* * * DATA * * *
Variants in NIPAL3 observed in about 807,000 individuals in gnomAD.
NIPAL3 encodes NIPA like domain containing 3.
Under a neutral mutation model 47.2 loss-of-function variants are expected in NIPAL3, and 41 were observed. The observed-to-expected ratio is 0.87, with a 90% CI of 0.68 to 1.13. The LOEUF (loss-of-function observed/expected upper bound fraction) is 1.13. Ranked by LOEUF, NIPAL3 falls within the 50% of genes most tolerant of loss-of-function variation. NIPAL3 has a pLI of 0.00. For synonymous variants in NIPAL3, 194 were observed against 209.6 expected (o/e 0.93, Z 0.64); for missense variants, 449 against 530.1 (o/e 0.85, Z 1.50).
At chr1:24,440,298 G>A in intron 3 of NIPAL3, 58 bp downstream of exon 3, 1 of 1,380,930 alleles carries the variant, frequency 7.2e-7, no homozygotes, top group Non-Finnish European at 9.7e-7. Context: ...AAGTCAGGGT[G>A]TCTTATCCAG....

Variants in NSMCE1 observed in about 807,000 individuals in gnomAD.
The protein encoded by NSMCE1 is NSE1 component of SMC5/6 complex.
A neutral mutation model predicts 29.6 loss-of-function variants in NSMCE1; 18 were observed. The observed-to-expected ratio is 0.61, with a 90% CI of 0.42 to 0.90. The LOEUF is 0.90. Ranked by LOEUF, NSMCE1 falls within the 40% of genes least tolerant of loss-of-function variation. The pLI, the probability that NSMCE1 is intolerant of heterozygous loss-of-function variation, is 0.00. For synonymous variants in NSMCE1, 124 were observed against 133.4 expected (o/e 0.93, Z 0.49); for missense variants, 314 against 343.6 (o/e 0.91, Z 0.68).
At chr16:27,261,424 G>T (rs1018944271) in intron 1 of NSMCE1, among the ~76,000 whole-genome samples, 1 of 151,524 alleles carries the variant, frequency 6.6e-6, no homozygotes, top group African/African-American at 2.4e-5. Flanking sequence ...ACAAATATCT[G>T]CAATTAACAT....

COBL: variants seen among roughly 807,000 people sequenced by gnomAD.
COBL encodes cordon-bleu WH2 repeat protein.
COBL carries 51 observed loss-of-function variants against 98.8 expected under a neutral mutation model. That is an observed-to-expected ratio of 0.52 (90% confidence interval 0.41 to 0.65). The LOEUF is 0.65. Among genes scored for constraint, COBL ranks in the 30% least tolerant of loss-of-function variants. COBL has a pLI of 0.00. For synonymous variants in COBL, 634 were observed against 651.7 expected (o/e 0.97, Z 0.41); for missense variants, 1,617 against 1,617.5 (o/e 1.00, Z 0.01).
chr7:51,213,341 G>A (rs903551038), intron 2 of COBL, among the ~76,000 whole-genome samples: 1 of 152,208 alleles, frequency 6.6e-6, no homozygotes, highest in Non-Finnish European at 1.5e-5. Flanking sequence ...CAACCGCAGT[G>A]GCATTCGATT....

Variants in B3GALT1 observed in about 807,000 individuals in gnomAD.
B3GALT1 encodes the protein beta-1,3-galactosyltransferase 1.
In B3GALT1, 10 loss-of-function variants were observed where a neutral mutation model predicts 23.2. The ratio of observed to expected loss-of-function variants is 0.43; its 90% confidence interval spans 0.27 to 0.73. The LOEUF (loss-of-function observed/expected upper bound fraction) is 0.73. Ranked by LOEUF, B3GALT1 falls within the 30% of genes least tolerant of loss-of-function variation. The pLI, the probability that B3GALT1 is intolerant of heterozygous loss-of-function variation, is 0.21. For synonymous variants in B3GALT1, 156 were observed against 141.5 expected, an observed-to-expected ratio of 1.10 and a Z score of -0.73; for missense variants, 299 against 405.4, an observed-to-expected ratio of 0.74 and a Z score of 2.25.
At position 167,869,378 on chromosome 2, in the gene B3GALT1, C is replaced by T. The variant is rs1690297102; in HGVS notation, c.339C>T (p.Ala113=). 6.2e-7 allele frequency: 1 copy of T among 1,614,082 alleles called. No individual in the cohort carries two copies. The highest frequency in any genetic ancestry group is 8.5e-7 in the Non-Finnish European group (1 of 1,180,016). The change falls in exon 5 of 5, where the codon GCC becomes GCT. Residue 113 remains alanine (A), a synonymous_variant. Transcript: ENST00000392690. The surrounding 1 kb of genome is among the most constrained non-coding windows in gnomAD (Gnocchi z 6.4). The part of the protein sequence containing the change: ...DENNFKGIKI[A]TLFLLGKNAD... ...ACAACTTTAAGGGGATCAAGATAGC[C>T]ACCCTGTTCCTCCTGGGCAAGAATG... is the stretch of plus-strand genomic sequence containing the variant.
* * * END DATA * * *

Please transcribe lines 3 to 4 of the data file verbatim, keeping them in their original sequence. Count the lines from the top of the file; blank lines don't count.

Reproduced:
Under a neutral mutation model 47.2 loss-of-function variants are expected in NIPAL3, and 41 were observed. The observed-to-expected ratio is 0.87, with a 90% CI of 0.68 to 1.13. The LOEUF (loss-of-function observed/expected upper bound fraction) is 1.13. Ranked by LOEUF, NIPAL3 falls within the 50% of genes most tolerant of loss-of-function variation. NIPAL3 has a pLI of 0.00. For synonymous variants in NIPAL3, 194 were observed against 209.6 expected (o/e 0.93, Z 0.64); for missense variants, 449 against 530.1 (o/e 0.85, Z 1.50).
At chr1:24,440,298 G>A in intron 3 of NIPAL3, 58 bp downstream of exon 3, 1 of 1,380,930 alleles carries the variant, frequency 7.2e-7, no homozygotes, top group Non-Finnish European at 9.7e-7. Context: ...AAGTCAGGGT[G>A]TCTTATCCAG....